Campus as a Living Lab: Classroom Collaboration with Physical Plant Gets Attention of CSU Board of Trustees

In April, the California State University announced the establishment of the CSU “Campus as a Living Lab” grant program to fund innovative classroom sustainability projects that merge academics and facilities management to provide students with high impact, hands-on learning.  At its May board meeting, the CSU Board of Trustees heard how CSU Dominguez Hills is already doing just that.

From l to r: CSU Chancellor White; Erika Randall, CSU Community Engagement STEM2 coordinator; Mary Ann Rodriguez, CSUDH vice president of administration and finance; Kenny Seeton; Jonathan Scheffler, CSUDH director of physical plant; Judy King; John Epps, CSUDH associate director of physical plant; Judy Botelho, CSU director of community engagement; Elvyra San Juan, assistant vice chancellor of capital planning, design and construction; and Meaghan Smith, CSU principal planner/project manager

Earth sciences lecturer Judy King and central plant manager Kenny Seeton were invited to speak before the Board of Trustees about their experience working collaboratively on student projects in King’s fall 2012 Natural Resources GEO 420 class.

Intending to incorporate a service learning component for the class, King came up with the idea of having her students develop practical suggestions for energy and water efficiency for the campus. The students worked with Seeton to gather information and then shared what they learned from various audits they conducted, ranging from measuring drips per hour of a leaky faucet to computing the savings new solar LED lights could have in a parking lot.

“The fact that their projects were on campus made investigations easier and connected them to and fostered pride in their campus and its staff in a whole new way,” King told the trustees. “Students also learned that things don’t always run smoothly … This kind of ‘messy/uncontrolled’ living learning lab experiment gave 30 of my students the opportunity to apply critical skills learned in the classroom… and make those skills more meaningful.”

The university benefited as well.

Due to the timing of the class projects, Seeton was able to involve students in a lighting retrofit that he was working on for the university. Students conducted inventories of current lighting usage and researched the energy savings pros and cons of various products on the market, which contributed to selecting a system by Enlighted Inc. that is now installed in portions of Welch Hall and the South Academic Complex 2 (SAC-2) building. Supportive of the university’s collaboration with students, Enlighted partially sponsored the project by donating sensors for the SAC-2 classrooms, and Southern California Edison has given its support as well. Executives from both companies also visited campus to meet with the students.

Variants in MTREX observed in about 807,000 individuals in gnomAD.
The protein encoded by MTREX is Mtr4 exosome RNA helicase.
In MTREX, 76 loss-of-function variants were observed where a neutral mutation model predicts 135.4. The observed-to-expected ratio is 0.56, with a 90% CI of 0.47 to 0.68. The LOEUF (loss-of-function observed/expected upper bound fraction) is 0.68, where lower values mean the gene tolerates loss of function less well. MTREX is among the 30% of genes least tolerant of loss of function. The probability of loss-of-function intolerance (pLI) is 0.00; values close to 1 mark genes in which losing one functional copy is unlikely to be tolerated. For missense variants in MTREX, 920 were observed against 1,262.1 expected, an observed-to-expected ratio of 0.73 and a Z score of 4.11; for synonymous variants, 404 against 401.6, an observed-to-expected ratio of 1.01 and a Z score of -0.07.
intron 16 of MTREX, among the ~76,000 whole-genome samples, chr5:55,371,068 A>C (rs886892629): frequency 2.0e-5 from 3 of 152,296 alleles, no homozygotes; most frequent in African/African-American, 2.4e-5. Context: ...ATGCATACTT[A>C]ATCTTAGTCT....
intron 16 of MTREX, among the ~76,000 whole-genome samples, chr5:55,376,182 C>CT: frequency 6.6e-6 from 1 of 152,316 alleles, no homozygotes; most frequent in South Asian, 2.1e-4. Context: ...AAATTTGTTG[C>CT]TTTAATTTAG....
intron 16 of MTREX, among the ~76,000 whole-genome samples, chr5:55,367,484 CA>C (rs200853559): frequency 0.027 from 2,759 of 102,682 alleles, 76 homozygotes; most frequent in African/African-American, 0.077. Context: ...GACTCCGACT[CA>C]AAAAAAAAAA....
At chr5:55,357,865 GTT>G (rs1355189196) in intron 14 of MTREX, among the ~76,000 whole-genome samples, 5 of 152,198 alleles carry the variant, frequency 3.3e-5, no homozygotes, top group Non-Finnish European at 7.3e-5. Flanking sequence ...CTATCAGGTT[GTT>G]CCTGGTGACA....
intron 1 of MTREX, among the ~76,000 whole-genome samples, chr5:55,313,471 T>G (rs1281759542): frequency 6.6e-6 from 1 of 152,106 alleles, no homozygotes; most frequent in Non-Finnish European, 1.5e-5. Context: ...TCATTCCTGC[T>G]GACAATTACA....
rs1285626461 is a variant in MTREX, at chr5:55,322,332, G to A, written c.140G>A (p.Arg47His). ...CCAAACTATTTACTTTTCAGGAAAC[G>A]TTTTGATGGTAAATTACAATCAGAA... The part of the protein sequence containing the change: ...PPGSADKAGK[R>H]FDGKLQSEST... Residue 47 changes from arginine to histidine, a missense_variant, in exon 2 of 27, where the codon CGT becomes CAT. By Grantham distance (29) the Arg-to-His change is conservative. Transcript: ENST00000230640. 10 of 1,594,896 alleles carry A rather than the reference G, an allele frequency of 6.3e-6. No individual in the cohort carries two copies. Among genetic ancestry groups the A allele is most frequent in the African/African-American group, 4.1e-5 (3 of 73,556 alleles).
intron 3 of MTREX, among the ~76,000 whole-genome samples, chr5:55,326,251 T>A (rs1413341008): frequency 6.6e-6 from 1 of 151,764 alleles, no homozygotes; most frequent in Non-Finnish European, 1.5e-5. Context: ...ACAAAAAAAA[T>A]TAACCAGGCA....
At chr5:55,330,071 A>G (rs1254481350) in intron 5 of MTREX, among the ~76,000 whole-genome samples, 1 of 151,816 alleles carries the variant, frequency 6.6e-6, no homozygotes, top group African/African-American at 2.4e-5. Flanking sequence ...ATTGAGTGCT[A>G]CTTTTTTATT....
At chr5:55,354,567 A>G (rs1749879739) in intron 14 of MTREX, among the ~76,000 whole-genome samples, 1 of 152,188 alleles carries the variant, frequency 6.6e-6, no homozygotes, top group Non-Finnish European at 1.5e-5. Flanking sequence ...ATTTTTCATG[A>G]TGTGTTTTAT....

For more on the lighting project read “University Retrofit Project Sheds Light on Energy Savings

“It was very rewarding to be part of a project where the students’ hard work proved to have such an impact on both the students and the campus,” Seeton told the trustees. “We also expanded the frame of reference or paradigm of many students who previously only saw the university as a location to go to class, study hard, and earn a passing grade. Now we have brought into their collegiate world utility company representatives, large corporate employers, and especially facilities workers from campus.”

The CSU Board of Trustees reactived positively to the presentation with Trustee Rebecca Eisen saying, “One of you said that this was a win-win. I’d call it a win-win-win-win-win, with the planet being one of the winners in what you have done. I am so impressed and so optimistic about what CSU can do to solve this great problem.”

A video archive of the CSU Board of Trustees meeting with King and Seeton’s presentation is on the CSU website at Their presentation is at the end of the video titled “Day 1, Part 2.”


  1. Vivian Price says:

    Great work! I love hearing about service learning projects on campus that involve important collaborations like this one.

Speak Your Mind